Lavie Tidhar is the author of the BSFA Award nominated Osama, which has been compared to Philip K. Dick’s seminal work, The Man in the High Castle by both the Guardian and the Financial Times. He is also the author of the Bookman Histories novels, comprising The Bookman, Camera Obscura and The Great Game, and of many other novellas and short stories.
SF Signal had the opportunity to talk to Lavie about his remarkable new picture book Going to the Moon (reviewed here)…
Charles Tan: Hi. Thanks for agreeing to do the interview. For readers unfamiliar with Going to the Moon, could you explain what it’s about?
Lavie Tidhar: Going to the Moon is a picture book collaboration with artist Paul McCaffery, about a boy with Tourette’s Syndrome (specifically with coprolalia) who wants to become an astronaut. It’s about bullying, and about language and how some words become bad words and what you do when you can’t control the language.
Or I could just say it’s a picture book with swearing!
CT: What made you decide to write a picture book?
LT: This book’s had an odd genesis. My wife was working for a charity helping the families of sexually abused children, and she was trying to put together a library the children could borrow books from. She was in touch with a lot of publishers, who were all, uniformly, brilliant in donating books. Some of them specialised in books dealing with very specific, vary harrowing things – everything from death to abuse, basically. I remember reading this entire catalogue of specialised books and I kind of said, ‘I wonder why there isn’t one about Tourette’s,’ and then thought, well, if you factor coprolalia into it (the rare form of Tourette’s that produces uncontrollable swearing) then obviously you can’t do it for kids…and then I thought, well, why not?
I must have written the initial text in one go – I remember being quite surprised at how it came out, which wasn’t at all what I was expecting! And then, of course, I simply put it away – what the hell was I going to actually do with it, you know?
And then came Murky Depths…
CT: How did Murky Depths end up publishing Going to the Moon?
LT: Murky Depths really got me into writing comics – Terry Martin was so encouraging and supportive, and it’s been amazing exploring this new way of telling stories. Anyway we were exchanging e-mails and I mentioned Going To The Moon – in a sort of, “I have this thing sitting on the hard drive no one would touch in a million years…” – and Terry really liked it! I think he’s mad, personally…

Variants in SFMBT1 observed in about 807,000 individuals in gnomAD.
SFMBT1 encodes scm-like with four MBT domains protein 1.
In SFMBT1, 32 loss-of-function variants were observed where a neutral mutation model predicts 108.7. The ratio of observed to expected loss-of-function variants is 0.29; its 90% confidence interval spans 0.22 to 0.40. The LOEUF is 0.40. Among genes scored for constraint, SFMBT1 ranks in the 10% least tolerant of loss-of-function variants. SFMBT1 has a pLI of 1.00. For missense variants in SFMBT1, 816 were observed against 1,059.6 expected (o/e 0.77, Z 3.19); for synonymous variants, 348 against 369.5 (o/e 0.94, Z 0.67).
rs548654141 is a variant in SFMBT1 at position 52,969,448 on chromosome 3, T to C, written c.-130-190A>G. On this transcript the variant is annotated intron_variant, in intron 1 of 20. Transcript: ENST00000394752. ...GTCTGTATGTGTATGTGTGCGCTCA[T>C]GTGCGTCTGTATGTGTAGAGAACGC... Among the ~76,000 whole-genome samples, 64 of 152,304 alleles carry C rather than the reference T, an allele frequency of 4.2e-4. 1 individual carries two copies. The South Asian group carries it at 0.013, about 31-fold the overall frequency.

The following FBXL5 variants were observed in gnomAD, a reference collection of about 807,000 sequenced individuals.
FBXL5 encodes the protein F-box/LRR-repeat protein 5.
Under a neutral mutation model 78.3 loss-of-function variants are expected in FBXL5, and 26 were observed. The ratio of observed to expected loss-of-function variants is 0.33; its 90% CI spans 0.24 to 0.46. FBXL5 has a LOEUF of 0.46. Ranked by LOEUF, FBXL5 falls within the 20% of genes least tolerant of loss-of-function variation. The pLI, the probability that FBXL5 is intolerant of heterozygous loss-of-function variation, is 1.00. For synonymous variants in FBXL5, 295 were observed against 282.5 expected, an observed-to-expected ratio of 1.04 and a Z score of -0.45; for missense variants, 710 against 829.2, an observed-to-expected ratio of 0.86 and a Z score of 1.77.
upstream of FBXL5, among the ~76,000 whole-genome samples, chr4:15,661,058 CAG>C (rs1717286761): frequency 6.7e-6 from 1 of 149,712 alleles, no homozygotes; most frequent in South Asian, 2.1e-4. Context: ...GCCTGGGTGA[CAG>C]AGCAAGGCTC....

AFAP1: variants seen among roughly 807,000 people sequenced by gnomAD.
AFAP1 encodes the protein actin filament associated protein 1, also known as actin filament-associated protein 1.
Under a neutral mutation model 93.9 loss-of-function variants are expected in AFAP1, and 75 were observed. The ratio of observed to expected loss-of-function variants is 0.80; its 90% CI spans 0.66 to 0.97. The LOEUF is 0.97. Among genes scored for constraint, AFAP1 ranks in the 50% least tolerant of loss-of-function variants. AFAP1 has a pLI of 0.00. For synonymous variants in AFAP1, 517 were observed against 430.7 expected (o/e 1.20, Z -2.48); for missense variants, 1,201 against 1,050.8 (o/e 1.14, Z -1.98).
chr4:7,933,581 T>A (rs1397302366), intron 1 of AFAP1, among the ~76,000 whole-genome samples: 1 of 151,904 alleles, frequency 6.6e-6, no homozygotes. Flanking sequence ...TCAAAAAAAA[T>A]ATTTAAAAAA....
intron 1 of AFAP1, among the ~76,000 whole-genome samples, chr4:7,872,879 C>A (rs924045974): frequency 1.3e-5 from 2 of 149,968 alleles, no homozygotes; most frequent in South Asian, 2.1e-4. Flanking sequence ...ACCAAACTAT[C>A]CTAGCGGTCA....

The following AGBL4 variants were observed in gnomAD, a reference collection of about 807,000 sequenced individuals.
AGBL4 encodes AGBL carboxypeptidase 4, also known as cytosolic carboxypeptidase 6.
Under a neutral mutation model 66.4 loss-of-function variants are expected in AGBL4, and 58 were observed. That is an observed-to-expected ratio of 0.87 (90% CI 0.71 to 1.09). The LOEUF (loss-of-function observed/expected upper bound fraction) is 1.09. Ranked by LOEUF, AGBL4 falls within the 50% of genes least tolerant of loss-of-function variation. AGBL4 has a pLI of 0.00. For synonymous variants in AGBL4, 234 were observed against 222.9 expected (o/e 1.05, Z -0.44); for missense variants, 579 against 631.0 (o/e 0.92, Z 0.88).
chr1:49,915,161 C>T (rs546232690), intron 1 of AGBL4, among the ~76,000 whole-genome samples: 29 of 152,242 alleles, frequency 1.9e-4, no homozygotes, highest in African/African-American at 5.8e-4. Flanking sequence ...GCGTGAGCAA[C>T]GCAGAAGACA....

CT: How did you end up collaborating with Paul McCaffery? When you were writing the book, did you know he would be illustrating it?
LT: Terry put us together. It took a long time to find the right artist, if I remember rightly. But once the connection was made, it was obvious he was the perfect person for it. I love his artwork, and he gives the book this wonderful slightly-off sense – it’s innocent, and charming, and really emotive, I think, and that weird physical perspective of the characters really works. I guess I’m just a fan!
CT: What was the collaboration process like?
LT: To begin with, I had to do sort of word-sketches for each page of illustration. I had to take the original text and really clarify how it was meant to be split into pages, and opposite each page of text I had to write down notes for Paul, on how I envision the page to be, what should be in it and so on. So in a way it was a little like writing comics, only you’re not writing panels, you’re writing full page illustrations. Then Paul went away and then the pages would start coming in, and then, in a few cases, we’d have back and forth on them, what worked and what didn’t. So sometimes the first illustration was spot on, at other times we went through several tries to get to the one we were most happy with.
CT: What was the most difficult aspect about writing the book?
LT: The whole thing was a challenge – in the best possible way! I think the hardest thing though was having patience – we all knew this was a long-term project, it’s literally taken years from conception to actualization – I think I’m actually still in a bit of shock that it’s real and physical and in my hands.
CT: Are you going to do more picture books in the future?
LT: I hope so, certainly! I’m doing a small graphic novel with Murky Depths next – a really bizarre thing called Adolf Hitler’s “I Dream of Ants” – a collaboration with artist Neil Struthers. It’s about a guy called Adolf Hitler who becomes convinced his house is being overrun by ants, and tries to destroy them. It’s…a very odd thing.
The next picture book, I’ve been talking to an Israeli artist recently on doing, it’s called It’s Hard to be a Filipino in Hebrew and it’s about a Filipino boy growing up in Israel, with all that that entails. I really like this one (though again, it’s hardly your conventional children’s book). I hope it gets made.
CT: What other projects are you currently working on?
LT: At the moment I’m desperately trying to finish too many uncompleted projects – that includes about 4-5 novels and a screenplay. I’d like to write a graphic novel this year, too…in terms of what’s coming out, The Apex Book of World SF 2, which I edited, will be released around April, and my guns & sorcery collection Black Gods Kiss should also be out sometime this year. And my novel The Great Game is out now.